For drama, read Joel's post and DHH (as David Heinemeirer Hannson is known) response. Joel's criticism's are almost correct, but he's not understanding the benefits of a dogmatic belief in simplicity. For thoughtful perspective, read Martin Fowler's essays on Evaluating Ruby and EnterpriseRails, or browse the many Ruby articles on IBM's DevelopersWorks site. Or read Tim O'Reilly's post comparing Ruby sales stats compared to those of Java, Perl and Python, and then wonder how long before Ruby becomes a presence in your infrastructure. If it isn't already.

Thursday, August 31, 2006

Doug McClure's blog on System Management

One of the most informative and balanced blogs I've discovered on business, service and operations management. Well worth the subscription.

Wednesday, August 30, 2006

Is WSDM a viable standard?

I view webMethods' Open Management Interface (OMI) as a consumer needing to build a simple custom agent to monitor the webMethods Integration Server. The requirement is a simple interface with which an agent can monitor events, performance, and, perhaps, start and stop certain components. The interface should require no more than a few hundred lines of Java to connect, monitor availability and capture events and I should need not invest more than a few days of development time to the effort. An off-the-shelf agent would be preferable, no such agent exists. I don't know if I can build such an agent in a reasonable time, but, a well-documented OMI interface exists for me to try.

Since OMI has evolved into Management Using Web Services (MUWS) portion of the WSDM, I'm hoping that some OMI work will translate to understanding a nascent, but useful standard. So imagine my disappointment when all I could dig up were press releases and marketing vaporware from the vendors. IBM, to take but one example, boasts about initial implementations of WSDM ..., as well as 30 products that the support the initial WSDM event format on their Autonomic Computing WSDM page. At best, two products support WRF (Web Services Resource Framework), a prerequisite for WSDM. Other vendors are just as guilty in their marketing claims.

But some more digging uncovers evidence that WSDM is slowly maturing. The architect and developer blogs of several vendors reveal a well-articulated shared desire for a web services management standard. IBM has contributed its Common Base Event to form the basis of the MUWS (Management Using Web Services) of portion of WSDM. And the WSDM mailing list exposes quiet, but steady activity. I'm guessing that WSDM will probably survive into a living standard as a sort of SNMP for web services, but it will be a few years before we see more than a few implementations.

My WSDM links are here.

Tuesday, August 29, 2006

Monitoring webMethods

One of my customers is deploying webMethods as a cornerstone of their SOA infrastructure and my group was tasked to monitor webMethods for availability. The easy, but less than elegant monitoring solution is to deploy a Tivoli Logfile Adapter to parse the webMethods log files for select messages, parse those messages into Tivoli events and forward the events to the event console. WebMethods admirably logs its many messages in a consistent format. Most messages are documented in an impressive 890 page guide. The more elegant solution is to write a client to plugin into WebMethod's OMI (Open Management Interface) and subscribe to the notifications. From a system management perspective, webMethods seems to be empathetic to the operations folks who need to keep the systems running.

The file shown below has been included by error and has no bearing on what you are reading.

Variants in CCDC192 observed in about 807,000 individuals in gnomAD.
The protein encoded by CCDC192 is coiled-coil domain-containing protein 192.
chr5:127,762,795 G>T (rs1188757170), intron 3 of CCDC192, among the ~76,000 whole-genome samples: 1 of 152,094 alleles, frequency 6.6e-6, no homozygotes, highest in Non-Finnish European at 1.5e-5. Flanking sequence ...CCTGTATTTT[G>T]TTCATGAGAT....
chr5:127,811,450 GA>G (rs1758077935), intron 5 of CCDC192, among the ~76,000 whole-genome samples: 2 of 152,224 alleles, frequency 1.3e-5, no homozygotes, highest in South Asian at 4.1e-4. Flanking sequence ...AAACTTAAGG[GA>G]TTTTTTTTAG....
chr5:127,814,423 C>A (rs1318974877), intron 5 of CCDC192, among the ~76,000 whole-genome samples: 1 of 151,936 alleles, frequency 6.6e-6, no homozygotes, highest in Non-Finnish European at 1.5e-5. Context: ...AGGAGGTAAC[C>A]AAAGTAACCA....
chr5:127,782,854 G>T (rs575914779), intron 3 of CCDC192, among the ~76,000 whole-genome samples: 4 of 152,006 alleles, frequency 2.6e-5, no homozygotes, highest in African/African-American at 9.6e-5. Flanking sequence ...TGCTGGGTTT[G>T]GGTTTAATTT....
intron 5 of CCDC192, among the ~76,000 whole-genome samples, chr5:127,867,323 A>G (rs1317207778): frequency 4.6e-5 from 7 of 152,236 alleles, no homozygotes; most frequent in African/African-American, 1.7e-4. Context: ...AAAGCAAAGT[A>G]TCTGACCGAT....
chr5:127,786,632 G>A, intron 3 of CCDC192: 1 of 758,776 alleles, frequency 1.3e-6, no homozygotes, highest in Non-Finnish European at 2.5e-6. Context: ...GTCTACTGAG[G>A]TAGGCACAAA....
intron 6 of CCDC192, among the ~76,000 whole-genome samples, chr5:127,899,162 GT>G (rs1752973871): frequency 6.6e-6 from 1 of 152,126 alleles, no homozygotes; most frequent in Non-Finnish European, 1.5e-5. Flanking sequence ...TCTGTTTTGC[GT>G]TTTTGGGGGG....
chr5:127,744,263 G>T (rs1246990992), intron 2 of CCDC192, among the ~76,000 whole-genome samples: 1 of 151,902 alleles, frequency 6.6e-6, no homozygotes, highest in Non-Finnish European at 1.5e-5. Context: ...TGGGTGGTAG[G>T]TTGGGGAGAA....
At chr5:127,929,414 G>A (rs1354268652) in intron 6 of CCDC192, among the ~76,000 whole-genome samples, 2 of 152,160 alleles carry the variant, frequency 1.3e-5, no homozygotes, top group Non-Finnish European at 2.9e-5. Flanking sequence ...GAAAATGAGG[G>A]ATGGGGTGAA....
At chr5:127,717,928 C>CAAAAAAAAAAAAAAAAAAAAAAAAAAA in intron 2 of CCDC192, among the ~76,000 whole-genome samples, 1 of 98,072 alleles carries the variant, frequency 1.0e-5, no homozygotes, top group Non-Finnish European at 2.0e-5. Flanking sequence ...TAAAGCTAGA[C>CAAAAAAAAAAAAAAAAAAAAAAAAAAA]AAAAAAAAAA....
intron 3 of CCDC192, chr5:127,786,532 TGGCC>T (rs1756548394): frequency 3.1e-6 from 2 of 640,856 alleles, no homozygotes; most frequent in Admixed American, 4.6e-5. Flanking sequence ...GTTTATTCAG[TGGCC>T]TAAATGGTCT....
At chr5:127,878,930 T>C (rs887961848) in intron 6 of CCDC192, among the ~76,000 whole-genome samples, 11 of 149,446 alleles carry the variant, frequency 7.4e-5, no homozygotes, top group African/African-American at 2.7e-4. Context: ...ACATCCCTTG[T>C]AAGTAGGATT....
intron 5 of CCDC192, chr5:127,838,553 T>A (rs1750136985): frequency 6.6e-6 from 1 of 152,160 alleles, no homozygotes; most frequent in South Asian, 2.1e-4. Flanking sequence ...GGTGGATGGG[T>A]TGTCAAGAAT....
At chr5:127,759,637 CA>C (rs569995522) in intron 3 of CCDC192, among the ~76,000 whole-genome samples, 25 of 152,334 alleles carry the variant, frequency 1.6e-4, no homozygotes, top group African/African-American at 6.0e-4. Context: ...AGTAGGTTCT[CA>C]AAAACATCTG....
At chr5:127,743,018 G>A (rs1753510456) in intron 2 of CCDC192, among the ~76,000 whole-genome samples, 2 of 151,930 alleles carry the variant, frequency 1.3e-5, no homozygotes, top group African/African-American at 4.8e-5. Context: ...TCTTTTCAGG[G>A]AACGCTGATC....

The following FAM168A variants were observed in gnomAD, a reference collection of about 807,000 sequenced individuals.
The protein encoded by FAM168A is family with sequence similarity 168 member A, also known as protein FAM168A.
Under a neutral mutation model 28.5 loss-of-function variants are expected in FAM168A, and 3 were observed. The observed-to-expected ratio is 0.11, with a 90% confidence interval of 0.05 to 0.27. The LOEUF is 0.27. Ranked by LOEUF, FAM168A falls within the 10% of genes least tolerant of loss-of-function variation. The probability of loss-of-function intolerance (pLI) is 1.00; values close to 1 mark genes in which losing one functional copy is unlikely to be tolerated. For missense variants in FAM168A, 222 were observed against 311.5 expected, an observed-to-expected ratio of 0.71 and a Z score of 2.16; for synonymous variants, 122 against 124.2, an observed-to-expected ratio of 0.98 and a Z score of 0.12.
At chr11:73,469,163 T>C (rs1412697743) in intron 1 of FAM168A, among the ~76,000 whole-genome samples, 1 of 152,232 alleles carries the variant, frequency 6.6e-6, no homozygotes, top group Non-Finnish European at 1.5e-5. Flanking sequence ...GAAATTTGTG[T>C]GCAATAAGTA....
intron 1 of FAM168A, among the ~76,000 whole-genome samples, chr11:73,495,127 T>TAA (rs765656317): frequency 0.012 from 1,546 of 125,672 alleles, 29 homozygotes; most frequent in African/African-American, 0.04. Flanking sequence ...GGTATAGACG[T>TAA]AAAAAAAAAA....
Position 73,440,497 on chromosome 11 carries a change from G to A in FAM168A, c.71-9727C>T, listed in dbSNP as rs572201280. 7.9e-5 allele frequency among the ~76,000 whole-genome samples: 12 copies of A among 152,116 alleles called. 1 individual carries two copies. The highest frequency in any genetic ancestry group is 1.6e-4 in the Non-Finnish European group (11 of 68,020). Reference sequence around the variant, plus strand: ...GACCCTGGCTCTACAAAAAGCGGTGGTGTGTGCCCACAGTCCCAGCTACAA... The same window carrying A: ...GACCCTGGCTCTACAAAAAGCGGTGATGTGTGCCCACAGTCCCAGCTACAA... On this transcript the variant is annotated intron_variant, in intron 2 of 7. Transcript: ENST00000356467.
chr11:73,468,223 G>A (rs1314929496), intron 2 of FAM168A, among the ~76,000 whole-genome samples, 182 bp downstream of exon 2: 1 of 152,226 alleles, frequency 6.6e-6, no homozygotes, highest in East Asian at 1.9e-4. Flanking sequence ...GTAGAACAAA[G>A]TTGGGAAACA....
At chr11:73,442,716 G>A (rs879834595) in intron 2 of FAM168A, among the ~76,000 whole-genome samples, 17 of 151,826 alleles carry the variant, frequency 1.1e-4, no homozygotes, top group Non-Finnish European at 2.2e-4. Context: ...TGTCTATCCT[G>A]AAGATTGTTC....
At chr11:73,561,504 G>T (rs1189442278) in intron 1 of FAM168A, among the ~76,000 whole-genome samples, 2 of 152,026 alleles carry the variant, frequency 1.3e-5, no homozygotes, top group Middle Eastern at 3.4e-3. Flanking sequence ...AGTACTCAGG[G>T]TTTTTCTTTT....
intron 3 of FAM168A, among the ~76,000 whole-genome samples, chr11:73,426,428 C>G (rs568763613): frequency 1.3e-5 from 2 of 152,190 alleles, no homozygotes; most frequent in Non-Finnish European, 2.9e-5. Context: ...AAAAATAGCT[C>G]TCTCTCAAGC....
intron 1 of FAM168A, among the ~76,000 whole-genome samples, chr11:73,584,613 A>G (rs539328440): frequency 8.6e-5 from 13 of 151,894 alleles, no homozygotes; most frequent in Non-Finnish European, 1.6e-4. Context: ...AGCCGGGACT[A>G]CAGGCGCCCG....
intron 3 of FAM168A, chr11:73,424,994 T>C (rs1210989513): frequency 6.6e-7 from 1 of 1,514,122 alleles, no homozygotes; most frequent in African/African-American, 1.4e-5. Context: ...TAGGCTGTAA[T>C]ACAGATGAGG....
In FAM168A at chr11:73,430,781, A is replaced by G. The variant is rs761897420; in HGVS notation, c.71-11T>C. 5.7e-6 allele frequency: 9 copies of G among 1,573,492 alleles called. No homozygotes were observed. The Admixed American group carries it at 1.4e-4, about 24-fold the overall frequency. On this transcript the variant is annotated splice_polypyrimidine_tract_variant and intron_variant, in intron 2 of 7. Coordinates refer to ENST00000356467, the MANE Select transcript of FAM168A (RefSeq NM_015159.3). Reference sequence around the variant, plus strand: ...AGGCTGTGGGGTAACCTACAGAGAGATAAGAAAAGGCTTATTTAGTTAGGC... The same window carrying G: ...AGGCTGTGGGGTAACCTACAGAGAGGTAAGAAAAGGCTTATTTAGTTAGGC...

Some searching quickly uncovered that the OMI specification was co-authored with HP and is a predecessor to MUWS, (Management Using Web Services) a portion of yet another OASIS web services standard called WSDM (Web Services Distributed Management). I haven't decided on WSDM's viability. My search results first led me to think WSDM was a stillborn standard birthed by marketing, but, now I'm not so sure. Look where MUWS lives now - the Apache WebServices Muse Project.

Monday, August 28, 2006

Some Serious Open Source Enterprise System Management Companies

A Slashdot post pointing to a Network World article titled Open Source Companies to Watch surprised me. Nine open source companies are reviewed and three companies, none familiar to me, are developing three separate open source system management suites. I had no idea that the open source system management community was so vibrant.
  • Hyperic offers a well-balanced availability and monitoring suite for Windows and the major Unix flavors. Oracle, DB2, WebSphere, WebLogic and JBoss are supported. Hyperic is backed with $3.8 million in funding. The Hyperic suite impresses me as the most complete availability and performance management suite.
  • QClusters is the company behind OpenQRM. It focuses on provisioning and managing virtualized environments such as Xen and Vmware. Qlusters has secured $23 million in funding.
  • Zenoss is an availability monitoring package written in Python. Windows monitoring is supported through WMI. The development change logs reveal an actively developed product. Like Hyperic and Qlusters, Zenoss enjoys VC backing.
QClusters and Zenoss are founding members of the Open Management Consortium. Three other interesting consortium members are,
  • Emu Software supports NetDirector, an configuration management system.
  • Sybiot Security contributed OpenSIMS to tie together nmap, Snort and other tools into an unified management system, however, my impression is that development activity insufficient to sustain the project.
  • Webmin is a venerable web-based system administration console for Linux.